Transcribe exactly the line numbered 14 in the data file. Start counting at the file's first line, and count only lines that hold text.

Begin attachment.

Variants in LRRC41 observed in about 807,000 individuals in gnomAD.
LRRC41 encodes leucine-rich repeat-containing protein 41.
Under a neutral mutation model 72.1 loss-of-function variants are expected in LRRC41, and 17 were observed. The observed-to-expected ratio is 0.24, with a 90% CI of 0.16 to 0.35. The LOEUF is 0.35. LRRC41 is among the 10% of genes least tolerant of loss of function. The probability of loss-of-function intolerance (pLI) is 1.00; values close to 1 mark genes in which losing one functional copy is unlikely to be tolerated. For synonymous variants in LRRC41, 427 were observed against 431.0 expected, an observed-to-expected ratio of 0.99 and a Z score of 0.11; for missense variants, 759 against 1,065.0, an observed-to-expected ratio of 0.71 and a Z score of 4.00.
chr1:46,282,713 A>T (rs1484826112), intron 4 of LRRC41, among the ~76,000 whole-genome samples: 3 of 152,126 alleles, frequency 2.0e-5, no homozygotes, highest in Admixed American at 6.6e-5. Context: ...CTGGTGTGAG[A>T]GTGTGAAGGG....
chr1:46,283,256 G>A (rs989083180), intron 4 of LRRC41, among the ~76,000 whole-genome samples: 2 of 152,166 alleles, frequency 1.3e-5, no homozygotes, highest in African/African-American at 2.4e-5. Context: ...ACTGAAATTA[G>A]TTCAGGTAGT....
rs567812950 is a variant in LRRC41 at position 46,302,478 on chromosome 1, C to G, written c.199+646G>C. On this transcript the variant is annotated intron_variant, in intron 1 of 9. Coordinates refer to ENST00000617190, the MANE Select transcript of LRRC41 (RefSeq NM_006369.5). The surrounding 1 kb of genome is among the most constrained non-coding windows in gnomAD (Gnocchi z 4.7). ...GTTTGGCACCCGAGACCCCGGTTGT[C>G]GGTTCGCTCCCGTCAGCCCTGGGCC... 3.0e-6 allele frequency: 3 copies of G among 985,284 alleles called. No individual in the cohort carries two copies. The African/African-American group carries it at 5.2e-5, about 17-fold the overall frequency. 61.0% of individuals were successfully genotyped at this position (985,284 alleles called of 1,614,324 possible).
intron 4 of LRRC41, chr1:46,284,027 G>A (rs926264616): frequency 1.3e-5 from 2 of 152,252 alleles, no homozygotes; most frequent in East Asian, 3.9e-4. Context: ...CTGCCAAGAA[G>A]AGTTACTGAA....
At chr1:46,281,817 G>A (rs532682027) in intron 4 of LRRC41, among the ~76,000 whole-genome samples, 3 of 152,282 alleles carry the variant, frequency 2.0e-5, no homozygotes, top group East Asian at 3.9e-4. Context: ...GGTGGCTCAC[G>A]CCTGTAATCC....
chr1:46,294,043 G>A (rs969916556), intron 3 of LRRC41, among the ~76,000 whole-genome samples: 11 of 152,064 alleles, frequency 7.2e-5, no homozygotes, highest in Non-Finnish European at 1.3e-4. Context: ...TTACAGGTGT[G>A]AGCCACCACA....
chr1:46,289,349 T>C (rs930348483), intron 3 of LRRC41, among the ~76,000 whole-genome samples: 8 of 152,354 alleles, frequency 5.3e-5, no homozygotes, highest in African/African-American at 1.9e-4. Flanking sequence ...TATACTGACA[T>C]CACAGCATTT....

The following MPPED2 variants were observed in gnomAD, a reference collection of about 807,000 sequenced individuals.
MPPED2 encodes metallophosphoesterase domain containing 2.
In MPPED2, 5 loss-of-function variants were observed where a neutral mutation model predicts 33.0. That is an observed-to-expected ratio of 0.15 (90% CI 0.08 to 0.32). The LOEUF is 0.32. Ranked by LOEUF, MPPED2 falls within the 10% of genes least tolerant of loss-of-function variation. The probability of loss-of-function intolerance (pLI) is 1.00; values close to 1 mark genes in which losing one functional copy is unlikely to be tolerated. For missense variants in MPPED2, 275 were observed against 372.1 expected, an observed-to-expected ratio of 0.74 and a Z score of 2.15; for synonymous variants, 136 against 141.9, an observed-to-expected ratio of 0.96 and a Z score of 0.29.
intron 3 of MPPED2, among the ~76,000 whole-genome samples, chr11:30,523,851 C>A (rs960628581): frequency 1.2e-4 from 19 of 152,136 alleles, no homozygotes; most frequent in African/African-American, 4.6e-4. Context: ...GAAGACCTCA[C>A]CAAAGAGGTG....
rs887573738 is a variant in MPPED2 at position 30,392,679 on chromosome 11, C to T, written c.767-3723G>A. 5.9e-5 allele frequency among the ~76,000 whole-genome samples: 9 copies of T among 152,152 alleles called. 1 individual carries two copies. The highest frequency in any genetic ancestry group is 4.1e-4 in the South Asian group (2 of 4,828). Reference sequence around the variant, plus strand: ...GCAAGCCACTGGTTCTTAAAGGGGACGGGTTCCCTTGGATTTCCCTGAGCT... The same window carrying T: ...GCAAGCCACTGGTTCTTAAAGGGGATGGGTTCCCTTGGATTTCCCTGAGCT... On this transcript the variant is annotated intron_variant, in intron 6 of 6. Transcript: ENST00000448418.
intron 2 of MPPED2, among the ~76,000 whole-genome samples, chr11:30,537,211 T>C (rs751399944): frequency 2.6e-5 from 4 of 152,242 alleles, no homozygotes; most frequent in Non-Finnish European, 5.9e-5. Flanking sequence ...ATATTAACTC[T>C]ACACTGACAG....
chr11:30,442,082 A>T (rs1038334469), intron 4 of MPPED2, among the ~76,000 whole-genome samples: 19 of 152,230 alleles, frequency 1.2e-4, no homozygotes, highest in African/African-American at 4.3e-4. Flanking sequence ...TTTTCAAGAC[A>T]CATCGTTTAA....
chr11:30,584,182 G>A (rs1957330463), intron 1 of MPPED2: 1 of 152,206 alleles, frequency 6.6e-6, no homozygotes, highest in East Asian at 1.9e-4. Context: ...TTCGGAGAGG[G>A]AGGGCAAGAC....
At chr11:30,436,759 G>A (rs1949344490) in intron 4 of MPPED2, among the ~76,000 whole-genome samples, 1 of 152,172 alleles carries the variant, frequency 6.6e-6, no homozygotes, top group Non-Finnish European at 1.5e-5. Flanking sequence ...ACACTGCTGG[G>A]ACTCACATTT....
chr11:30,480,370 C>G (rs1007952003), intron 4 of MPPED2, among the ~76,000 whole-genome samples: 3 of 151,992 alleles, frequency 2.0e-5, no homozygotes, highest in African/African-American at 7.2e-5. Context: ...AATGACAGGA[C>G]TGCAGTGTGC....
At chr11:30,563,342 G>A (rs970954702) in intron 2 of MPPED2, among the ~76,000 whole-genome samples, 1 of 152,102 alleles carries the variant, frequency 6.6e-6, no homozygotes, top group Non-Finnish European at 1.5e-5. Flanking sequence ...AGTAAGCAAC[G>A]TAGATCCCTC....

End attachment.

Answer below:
intron 3 of MPPED2, among the ~76,000 whole-genome samples, chr11:30,523,851 C>A (rs960628581): frequency 1.2e-4 from 19 of 152,136 alleles, no homozygotes; most frequent in African/African-American, 4.6e-4. Context: ...GAAGACCTCA[C>A]CAAAGAGGTG....